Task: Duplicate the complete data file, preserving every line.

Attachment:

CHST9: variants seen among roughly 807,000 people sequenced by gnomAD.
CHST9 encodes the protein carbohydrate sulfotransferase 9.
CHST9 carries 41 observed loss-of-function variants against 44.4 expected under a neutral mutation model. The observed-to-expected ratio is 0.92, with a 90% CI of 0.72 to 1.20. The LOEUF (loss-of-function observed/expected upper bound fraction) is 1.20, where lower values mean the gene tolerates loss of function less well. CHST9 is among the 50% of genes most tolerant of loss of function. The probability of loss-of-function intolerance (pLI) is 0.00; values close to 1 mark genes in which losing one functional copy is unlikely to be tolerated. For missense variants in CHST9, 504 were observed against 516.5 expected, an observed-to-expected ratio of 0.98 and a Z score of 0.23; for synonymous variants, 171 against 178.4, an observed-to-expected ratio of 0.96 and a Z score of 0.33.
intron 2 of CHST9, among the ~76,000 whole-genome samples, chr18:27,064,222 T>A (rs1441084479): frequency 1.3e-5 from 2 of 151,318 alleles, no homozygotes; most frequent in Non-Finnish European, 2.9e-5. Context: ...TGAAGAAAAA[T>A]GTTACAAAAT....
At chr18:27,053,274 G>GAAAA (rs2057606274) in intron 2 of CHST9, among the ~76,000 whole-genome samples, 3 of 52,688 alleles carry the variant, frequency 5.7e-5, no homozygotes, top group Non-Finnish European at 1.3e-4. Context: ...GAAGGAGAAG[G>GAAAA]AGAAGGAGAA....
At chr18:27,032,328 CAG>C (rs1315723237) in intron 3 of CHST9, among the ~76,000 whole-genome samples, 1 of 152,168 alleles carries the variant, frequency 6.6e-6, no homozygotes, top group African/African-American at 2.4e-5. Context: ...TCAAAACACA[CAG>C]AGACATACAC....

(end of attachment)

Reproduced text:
CHST9: variants seen among roughly 807,000 people sequenced by gnomAD.
CHST9 encodes the protein carbohydrate sulfotransferase 9.
CHST9 carries 41 observed loss-of-function variants against 44.4 expected under a neutral mutation model. The observed-to-expected ratio is 0.92, with a 90% CI of 0.72 to 1.20. The LOEUF (loss-of-function observed/expected upper bound fraction) is 1.20, where lower values mean the gene tolerates loss of function less well. CHST9 is among the 50% of genes most tolerant of loss of function. The probability of loss-of-function intolerance (pLI) is 0.00; values close to 1 mark genes in which losing one functional copy is unlikely to be tolerated. For missense variants in CHST9, 504 were observed against 516.5 expected, an observed-to-expected ratio of 0.98 and a Z score of 0.23; for synonymous variants, 171 against 178.4, an observed-to-expected ratio of 0.96 and a Z score of 0.33.
intron 2 of CHST9, among the ~76,000 whole-genome samples, chr18:27,064,222 T>A (rs1441084479): frequency 1.3e-5 from 2 of 151,318 alleles, no homozygotes; most frequent in Non-Finnish European, 2.9e-5. Context: ...TGAAGAAAAA[T>A]GTTACAAAAT....
At chr18:27,053,274 G>GAAAA (rs2057606274) in intron 2 of CHST9, among the ~76,000 whole-genome samples, 3 of 52,688 alleles carry the variant, frequency 5.7e-5, no homozygotes, top group Non-Finnish European at 1.3e-4. Context: ...GAAGGAGAAG[G>GAAAA]AGAAGGAGAA....
At chr18:27,032,328 CAG>C (rs1315723237) in intron 3 of CHST9, among the ~76,000 whole-genome samples, 1 of 152,168 alleles carries the variant, frequency 6.6e-6, no homozygotes, top group African/African-American at 2.4e-5. Context: ...TCAAAACACA[CAG>C]AGACATACAC....